Primitive Winter

WE had been having perfect winter weather. The snow lay deep in the valley, clean and white. The lake was covered with ice, transparent green and blue except where a wind-blown mass of flakes reflected a thousand diamonds. The trees bent under their crystal burdens, which only served to emphasize the pure, rich green of their needles. In the sheltered glades the bright red of the kinnikinic berries added a dash of color, and the waxy green of the Oregon grape made one wonder if winter really were here. The stars shone in a never-ending cold brilliancy all their own, and the aurora borealis played through the long nights.

For weeks it had been one glorious holiday season. Long sleigh-rides, tucked in warm hay under heavy skins; moonlight parties, where the skates rang loud and clear and mingled their song with the laughter of the lighthearted participators, or the long toboggans flew over the icy surface, perhaps to dump their occupants in a waist-deep drift, perhaps to go skimming far out on the shining lake; skiing, with flying coats and mufflers, down the long, smooth slopes or over the breath-taking jump-offs; snowballing amid merry shouts, even though the weapons did sometimes hit hard, or again sent a shower of frozen particles down one’s neck; snowshoeing back in the woods, where the deer leaped from cover and were gone, where the space under the bushes was covered with tiny tracks of little wild things, where the snowshoe rabbit was only a bit of earth bounding away and leaving an endless path, to follow which brought many exciting discoveries but never the thing you sought — for these things we were ail gloriously young and filled with unlimited energy.

But it ended, as all things end. The moon shone all one bright day with a ring around it. ‘Blizzard coming,’ the old-timers said, and we were all glad of the big woodpiles near at hand and the well-filled cellars.

The blizzard came. The morning was still, clear, freezing. The thermometer started dropping at ten. At two the signal whistles on the mill began blowing, and in school we children could not see to read. At two-thirty it was forty below, and the snow and ice were coming from the north in a solid sheet, tearing down the valley. The janitor fired the furnaces as much as he dared, and we all huddled in a room on the most sheltered side of the building, waiting for the men to come after us. The school was in the direct path of the storm.

At three-thirty they came, ten men who had risked all in that journey of an hour and a half to reach their children. An hour and a half— and town less than a mile away! We waited for the storm to slacken and the men to thaw ears, noses, and fingers. At four-thirty there was a lull, and we hastily bundled up and started for home.

There were only two men and four children in the group that went to Sunshine Hollow. Our way lay through the lumberyards. It was a few hundred yards to the piles, but the rest of the distance was fairly well protected. By the time we had covered the open space it was storming hard again, with a shifting, whirling wind. We could see only a few feet before us, and our track was soon obliterated. The men took turns breaking a path. It was a killing job. Some places the snow was packed hard, but not hard enough to bear our weight. Again the underneath crust held the trail-maker and broke under those who followed. On the sheltered side of many of the piles it was sifted so fine that a trail Mould not hold, and here it was necessary to carry a child and wallow through. Some of the lumber was completely covered, and the surface blown smooth. Here we attempted to cross on the boards. Once the leader stepped off the edge into eight or ten feet of snow, but luckily we were tied together and he was drawn back to safety.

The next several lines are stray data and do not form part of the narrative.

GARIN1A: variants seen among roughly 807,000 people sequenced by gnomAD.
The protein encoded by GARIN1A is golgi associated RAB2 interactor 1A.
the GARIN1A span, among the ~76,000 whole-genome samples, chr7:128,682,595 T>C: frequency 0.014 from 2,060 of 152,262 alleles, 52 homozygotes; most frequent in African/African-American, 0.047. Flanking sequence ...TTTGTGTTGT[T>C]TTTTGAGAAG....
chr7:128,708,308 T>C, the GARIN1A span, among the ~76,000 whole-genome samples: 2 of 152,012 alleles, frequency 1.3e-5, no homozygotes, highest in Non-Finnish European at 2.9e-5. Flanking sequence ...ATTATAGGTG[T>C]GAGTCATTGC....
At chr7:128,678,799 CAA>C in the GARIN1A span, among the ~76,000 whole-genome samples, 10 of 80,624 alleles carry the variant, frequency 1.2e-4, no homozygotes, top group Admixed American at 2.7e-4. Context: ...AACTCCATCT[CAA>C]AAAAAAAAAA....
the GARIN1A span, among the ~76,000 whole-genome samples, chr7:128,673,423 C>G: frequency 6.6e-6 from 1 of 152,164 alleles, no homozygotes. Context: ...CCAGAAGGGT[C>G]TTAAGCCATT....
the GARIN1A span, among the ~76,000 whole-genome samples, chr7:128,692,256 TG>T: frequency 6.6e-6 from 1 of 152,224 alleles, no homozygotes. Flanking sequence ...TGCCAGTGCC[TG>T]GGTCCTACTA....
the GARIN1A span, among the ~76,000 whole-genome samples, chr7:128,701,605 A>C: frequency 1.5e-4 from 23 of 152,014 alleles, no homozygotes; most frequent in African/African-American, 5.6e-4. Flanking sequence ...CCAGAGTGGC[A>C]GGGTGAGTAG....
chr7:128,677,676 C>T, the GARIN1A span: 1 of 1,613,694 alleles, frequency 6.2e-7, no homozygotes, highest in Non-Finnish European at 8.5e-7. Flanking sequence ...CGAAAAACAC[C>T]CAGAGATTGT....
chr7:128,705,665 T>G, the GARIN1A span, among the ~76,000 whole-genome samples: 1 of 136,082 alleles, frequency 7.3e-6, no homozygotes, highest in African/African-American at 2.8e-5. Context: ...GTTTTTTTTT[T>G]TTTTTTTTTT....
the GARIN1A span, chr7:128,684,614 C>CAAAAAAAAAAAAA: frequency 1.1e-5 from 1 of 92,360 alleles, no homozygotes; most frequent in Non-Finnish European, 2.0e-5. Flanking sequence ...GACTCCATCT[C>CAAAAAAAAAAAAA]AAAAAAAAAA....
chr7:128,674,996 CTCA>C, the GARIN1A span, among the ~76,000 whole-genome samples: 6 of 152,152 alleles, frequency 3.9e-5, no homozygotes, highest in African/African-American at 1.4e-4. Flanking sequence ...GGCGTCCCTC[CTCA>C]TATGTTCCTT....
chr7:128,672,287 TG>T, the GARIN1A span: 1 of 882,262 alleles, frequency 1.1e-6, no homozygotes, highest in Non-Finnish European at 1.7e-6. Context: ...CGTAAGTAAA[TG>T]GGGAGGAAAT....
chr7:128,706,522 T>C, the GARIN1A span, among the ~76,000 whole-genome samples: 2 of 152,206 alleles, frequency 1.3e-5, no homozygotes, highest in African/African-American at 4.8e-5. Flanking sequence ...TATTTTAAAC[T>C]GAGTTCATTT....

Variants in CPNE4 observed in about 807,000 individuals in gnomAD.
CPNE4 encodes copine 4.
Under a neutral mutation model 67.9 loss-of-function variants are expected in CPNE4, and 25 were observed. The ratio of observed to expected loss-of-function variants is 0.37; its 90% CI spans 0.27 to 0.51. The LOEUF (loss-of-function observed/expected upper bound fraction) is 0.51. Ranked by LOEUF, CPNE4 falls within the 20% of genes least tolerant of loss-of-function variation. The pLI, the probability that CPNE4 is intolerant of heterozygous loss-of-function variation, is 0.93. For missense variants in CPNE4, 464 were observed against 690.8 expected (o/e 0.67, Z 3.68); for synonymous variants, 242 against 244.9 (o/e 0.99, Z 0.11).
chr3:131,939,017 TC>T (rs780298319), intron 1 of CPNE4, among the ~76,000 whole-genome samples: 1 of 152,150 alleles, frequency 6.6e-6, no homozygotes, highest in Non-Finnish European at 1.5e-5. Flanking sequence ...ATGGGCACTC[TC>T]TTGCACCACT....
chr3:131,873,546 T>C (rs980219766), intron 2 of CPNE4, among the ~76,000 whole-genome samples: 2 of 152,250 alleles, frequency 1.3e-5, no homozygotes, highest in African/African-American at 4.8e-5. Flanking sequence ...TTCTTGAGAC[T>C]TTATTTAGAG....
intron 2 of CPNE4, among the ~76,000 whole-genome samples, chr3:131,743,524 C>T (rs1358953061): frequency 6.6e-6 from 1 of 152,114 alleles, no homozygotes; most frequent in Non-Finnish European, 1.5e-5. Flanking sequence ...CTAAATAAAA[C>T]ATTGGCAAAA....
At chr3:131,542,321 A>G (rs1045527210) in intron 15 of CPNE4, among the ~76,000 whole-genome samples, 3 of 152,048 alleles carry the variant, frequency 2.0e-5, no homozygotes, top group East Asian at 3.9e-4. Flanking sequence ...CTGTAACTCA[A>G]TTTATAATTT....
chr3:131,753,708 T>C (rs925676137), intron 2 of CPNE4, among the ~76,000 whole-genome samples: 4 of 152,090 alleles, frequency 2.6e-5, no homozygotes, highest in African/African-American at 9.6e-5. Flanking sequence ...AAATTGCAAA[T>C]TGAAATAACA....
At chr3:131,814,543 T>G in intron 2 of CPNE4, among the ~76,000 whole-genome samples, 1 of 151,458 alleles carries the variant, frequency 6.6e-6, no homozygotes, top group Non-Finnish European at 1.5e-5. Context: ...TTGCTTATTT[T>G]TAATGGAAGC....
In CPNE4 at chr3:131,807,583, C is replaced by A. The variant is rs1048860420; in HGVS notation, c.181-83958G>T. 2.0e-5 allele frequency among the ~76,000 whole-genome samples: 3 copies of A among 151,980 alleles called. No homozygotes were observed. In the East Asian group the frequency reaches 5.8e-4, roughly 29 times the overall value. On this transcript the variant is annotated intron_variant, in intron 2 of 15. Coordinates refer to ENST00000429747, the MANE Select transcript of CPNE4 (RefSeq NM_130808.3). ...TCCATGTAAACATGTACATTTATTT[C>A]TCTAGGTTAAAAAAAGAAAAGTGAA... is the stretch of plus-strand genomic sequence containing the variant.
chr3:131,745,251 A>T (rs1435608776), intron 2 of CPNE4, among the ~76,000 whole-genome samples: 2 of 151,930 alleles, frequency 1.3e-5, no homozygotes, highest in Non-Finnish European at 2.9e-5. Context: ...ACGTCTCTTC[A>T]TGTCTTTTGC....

It was soon pitch-dark and every inch of the way had to be felt, but since it had quit snowing and Mas not so cold, the handicap Mas balanced. The last quarter of the way, the men carried us inside their mackinaws while breaking trail. Sometimes the man who followed carried two. We must make time, for time was life. The man who had fallen into the drift continually stumbled. Twice he dropped his burden. At last he fell full length, apparently spent. The other man went ahead a few paces. He stumbled and fell uphill. It Mas the road! Across the little ridge was home! That imparted new energy, and we were soon over the crest, with the welcoming lights shining from every window in the Hollow, for all were keeping watch with the anxious mothers.

HOMlong that trip had taken us, we children were never told. The man who had fallen was carried home, and spent a delirious week going over and over the terrible journey. When he recovered, his hair was white, and he had lost two toes and a finger. The rest of us Mere more fortunate. Careful thawing meant much pain at the time, but no succeeding damage.

The other parties did not fare so well. The group that went to town lost one child. They searched for her all night and found her at daybreak within a few feet of home. Her father died of gangrene as a result of that night’s experience, and her mother went insane, listening always for the call that she had failed to hear in the storm.

The others suffered even more. In going a quarter of a mile into the face of the gale, two sank by the wayside and never regained consciousness; a third died of resulting pneumonia; and one bright six-year-old could not stand the strain, and remains mentally six.

Why did we not remain at. the schoolhouse? Because the men knew the boilers could not stand the pressure. They burst soon after we left. Had we remained, it would have meant freezing and starvation in the long week that followed, for the thermometer failed to register warmer than thirty below zero, and the wind and snow ruled every day.

Such is winter in that primitive land. A time of beauty and joy; a time of suffering and sorrow.